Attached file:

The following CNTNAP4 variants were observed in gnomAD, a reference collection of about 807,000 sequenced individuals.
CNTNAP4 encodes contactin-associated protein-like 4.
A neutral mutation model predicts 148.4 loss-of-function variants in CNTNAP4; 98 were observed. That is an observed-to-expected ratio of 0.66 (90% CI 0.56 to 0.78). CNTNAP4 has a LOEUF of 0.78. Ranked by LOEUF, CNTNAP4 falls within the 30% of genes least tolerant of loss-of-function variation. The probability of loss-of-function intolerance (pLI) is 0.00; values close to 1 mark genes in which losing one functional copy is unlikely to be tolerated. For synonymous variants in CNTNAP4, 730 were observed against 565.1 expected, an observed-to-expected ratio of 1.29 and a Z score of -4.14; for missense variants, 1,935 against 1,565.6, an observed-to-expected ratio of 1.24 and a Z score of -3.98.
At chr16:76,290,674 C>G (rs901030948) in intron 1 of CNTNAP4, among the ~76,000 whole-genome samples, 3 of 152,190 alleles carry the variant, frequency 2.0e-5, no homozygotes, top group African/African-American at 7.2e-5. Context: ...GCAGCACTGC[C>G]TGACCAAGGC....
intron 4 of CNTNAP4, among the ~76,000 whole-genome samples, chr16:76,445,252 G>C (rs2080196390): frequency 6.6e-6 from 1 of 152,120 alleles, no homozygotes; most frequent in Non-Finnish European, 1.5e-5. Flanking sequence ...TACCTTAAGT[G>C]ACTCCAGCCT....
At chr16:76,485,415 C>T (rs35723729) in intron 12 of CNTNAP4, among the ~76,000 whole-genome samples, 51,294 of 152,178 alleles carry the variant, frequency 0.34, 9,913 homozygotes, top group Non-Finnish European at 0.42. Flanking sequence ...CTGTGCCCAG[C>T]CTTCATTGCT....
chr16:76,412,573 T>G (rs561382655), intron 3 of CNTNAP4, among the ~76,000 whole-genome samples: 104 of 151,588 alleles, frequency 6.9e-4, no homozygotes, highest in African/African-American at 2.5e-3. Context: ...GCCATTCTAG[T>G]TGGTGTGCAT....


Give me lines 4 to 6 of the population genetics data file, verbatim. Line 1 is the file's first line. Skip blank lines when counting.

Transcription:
At chr16:76,290,674 C>G (rs901030948) in intron 1 of CNTNAP4, among the ~76,000 whole-genome samples, 3 of 152,190 alleles carry the variant, frequency 2.0e-5, no homozygotes, top group African/African-American at 7.2e-5. Context: ...GCAGCACTGC[C>G]TGACCAAGGC....
intron 4 of CNTNAP4, among the ~76,000 whole-genome samples, chr16:76,445,252 G>C (rs2080196390): frequency 6.6e-6 from 1 of 152,120 alleles, no homozygotes; most frequent in Non-Finnish European, 1.5e-5. Flanking sequence ...TACCTTAAGT[G>C]ACTCCAGCCT....
At chr16:76,485,415 C>T (rs35723729) in intron 12 of CNTNAP4, among the ~76,000 whole-genome samples, 51,294 of 152,178 alleles carry the variant, frequency 0.34, 9,913 homozygotes, top group Non-Finnish European at 0.42. Flanking sequence ...CTGTGCCCAG[C>T]CTTCATTGCT....